This Week’s Night Sky: Lunar Wall and a Bull’s Eye

In the latest in a series of occultations, the red eye of Taurus disappears behind the moon.

From jewel-like stellar nurseries to a giant fault line on the moon, the night sky offers impressive cosmic views this week.

Triple world lineup. A half hour after the sun sets on Monday, March 23, gaze toward the western sky for a beautiful diagonal lineup formed by three neighboring worlds in our solar system.

Highest and brightest is the crescent moon, followed below by Venus—the brightest starlike object in the entire sky—and finally, closest to the horizon, is ruddy Mars.

Moon bullish. By the next evening, Tuesday, March 24, the moon will park itself within the Hyades star cluster, which is nestled within the face of Taurus the Bull.

While the moon is no more than 1.25 light-seconds away, the stars that make up the Hyades association average some 147 light-years from Earth.

Bull’s eye winks out. Also on Tuesday night, lucky sky-watchers in Alaska and northwestern Canada get to witness the bright star Aldebaran, the red eye of Taurus, disappear behind the moon.

This occultation is part of a series that began in January and will conclude in September 2018. The series always begins in the far north, and it repeats itself every 18.6 years.

Check out a map and timetables of Tuesday’s lunar occultation of this bright star.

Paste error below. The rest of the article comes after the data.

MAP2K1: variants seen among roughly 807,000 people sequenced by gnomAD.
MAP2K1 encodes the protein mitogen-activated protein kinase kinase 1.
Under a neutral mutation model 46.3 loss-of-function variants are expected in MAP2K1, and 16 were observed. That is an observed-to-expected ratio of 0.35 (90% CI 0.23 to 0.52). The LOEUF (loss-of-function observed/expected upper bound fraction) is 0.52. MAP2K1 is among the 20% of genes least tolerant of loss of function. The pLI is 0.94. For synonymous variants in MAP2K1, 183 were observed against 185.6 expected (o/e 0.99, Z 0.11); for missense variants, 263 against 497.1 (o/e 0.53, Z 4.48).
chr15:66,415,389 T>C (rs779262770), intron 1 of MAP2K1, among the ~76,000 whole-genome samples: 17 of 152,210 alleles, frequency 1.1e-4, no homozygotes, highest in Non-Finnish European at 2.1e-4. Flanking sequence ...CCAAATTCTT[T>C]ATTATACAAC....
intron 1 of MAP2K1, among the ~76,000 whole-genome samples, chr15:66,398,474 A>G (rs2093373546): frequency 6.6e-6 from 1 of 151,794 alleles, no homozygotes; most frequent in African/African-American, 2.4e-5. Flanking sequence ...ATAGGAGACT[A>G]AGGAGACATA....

The lunar wall. The first quarter moon comes into view on Friday, March 27. It’s the best time of the month for those with small telescopes to view an amazing lunar feature called the lunar wall.

The fault line, which stretches 75 miles (120 kilometers) in length and is more than 1,300 feet (400 meters) deep, casts a distinct straight, dark line through your eyepiece. (Read more about lunar wonders.)

Moon meets clusters. The gibbous moon lies high in the southeastern sky after nightfall on Sunday, March 29, and points the way to not only Jupiter but also the open star cluster Messier 67 (M67) and the nearby Beehive cluster.

Shining at magnitude 6.9, the M67 grouping consists of a few hundred stars that sit 3,000 light-years from Earth. Yet it remains an easy target for binoculars and small backyard telescopes.

Happy hunting!

Follow Andrew Fazekas, the Night Sky Guy, on Twitter, Facebook, and his website.

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